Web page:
Take a Ride on the Reading With Franklin Gowen

A Eulogy by Benjamin Bannan, publisher of the Miner’s Journal

On December 13, 1889, Franklin Benjamin Gowen will die in his room at the Wormley Hotel, in Washington D.C., with a single bullet hole in his head. His eulogists will refer to him as the former president of the Reading Railroad, attorney, philanthropist and patron of the arts. They will say he was an eloquent speaker, writer and poet, who translated Goethe and wrote limericks. That he was fifty-three at the time of his death and survived by his wife, Esther.

Some will jump to the conclusion that Molly Maguires killed him in retaliation for the twenty of their own who will be executed in 1876 and 1877. Normally I would agree with them. It was Franklin Benjamin Gowen who hired Allan Pinkerton to rid Coal Country of these cowardly terrorists and Mr. Gowen’s eloquence as the prosecuting attorney that got them convicted. Yet Robert Linden, Mr. Pinkerton’s top detective on the Molly Case, will investigate his death and find no evidence of foul play. In the end, his death will be ruled a suicide. A shop keeper will testify that he sold Mr. Gowen the nickel-plated Smith and Wesson that was found by his body, in room number fifty-seven of the Wormley Hotel.

Franklin Gowen’s Childhood

The obituaries will say that Mr. Gowen inherited the intellectual and moral characteristics of his father, James, a pious Protestant merchant from Northern Ireland. Sobriety and piety, of course, form the foundation of good society and Franklin was alike his father in this way. But James was also a staunch Democrat, a character flaw for which I have little patience. Their home in Mount Airy was the only one in the neighborhood without crepe after President Lincoln was assassinated. And James Gowen went to his grave insisting that there was nothing to those nasty rumors about James Buchanan, with whom he was close. Well, I knew Aunt Nancy, too. I can assure you those rumors were entirely true, though such behavior coming from a Democrat is hardly surprising.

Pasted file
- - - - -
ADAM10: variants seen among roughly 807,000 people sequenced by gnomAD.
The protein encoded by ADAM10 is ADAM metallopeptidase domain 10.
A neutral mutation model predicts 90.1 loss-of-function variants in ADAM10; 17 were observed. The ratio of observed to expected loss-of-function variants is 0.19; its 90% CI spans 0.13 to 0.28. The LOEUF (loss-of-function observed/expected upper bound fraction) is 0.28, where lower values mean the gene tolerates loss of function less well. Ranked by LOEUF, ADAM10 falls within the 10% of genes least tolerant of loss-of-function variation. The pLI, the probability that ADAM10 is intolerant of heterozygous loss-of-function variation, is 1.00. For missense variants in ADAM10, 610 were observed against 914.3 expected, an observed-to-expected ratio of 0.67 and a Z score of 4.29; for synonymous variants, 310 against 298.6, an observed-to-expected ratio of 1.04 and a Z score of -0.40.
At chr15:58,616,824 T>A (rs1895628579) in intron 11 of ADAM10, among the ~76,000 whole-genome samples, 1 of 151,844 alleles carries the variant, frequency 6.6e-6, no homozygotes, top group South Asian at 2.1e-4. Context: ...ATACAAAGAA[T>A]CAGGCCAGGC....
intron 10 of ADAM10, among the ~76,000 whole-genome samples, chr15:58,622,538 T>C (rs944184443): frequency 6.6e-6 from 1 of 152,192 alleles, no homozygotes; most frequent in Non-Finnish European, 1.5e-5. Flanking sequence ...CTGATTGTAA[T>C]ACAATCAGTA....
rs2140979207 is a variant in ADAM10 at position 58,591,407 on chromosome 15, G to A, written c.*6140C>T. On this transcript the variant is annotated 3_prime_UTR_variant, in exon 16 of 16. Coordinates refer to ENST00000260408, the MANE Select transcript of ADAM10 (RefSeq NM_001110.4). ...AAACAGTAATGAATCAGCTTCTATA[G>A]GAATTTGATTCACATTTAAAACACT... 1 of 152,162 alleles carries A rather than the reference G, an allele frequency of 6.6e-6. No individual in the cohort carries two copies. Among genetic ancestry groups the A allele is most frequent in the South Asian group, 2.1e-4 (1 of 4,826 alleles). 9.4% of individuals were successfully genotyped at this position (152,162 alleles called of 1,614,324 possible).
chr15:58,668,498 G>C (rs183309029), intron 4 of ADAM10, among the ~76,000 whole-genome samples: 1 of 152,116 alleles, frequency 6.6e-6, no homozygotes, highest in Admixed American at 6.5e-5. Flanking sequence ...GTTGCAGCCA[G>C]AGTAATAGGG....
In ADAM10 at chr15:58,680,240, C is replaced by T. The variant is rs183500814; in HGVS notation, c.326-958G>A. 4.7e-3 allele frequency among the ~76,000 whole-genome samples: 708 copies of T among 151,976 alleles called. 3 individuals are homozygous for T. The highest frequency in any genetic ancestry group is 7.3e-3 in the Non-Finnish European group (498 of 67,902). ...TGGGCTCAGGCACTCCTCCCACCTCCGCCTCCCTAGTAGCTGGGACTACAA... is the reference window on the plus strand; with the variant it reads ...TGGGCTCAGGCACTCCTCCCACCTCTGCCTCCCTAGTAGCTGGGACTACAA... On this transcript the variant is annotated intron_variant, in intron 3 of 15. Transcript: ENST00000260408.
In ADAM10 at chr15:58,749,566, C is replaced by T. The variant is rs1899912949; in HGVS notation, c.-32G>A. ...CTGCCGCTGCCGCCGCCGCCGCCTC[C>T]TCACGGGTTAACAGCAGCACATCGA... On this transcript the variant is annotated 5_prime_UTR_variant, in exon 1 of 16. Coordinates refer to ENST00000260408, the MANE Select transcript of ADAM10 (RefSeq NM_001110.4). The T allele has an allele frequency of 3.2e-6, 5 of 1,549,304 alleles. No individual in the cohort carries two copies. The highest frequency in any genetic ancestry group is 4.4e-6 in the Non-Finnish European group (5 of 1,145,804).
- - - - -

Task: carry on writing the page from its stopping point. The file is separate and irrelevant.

James Gowen did teach his son important Protestant values, like hard work and devotion to duty, even when it called for the risk of life and fortune. And Franklin Gowen lived up to these values every day of his life, even during the War, when he responsibly paid the required fees to have somebody else serve for him on the field of battle.

Gowen senior taught his children modesty by hanging two self-portraits in their home, and none of his wife or ten children. He taught them thrift by denying them all pocket change. And he demonstrated his love and compassion by spending hours each day with his prize Durham cows. He dedicated numerous pages of his diary to describing a scourge that afflicted his herd. And then he wrote the following afterthought: “Oh, and Daughter Ellen was married today.”

At the age of nine, James sent young Franklin to Beck’s Boys Academy, because that’s where the children of steel magnates and plantation owners went. But the other kids teased him and called him lace curtain. Undaunted, Franklin tried out for the school’s cricket team and was relegated to second string. Then he tried the chess club and was eliminated in the first round. So, at the age of thirteen, he began an apprenticeship with a coal merchant named Baumgardner, who treated him kindly, but with kid gloves. Consequently, his first foray into mining was a disaster. His mines lost so much money, he had to sell at a significant loss.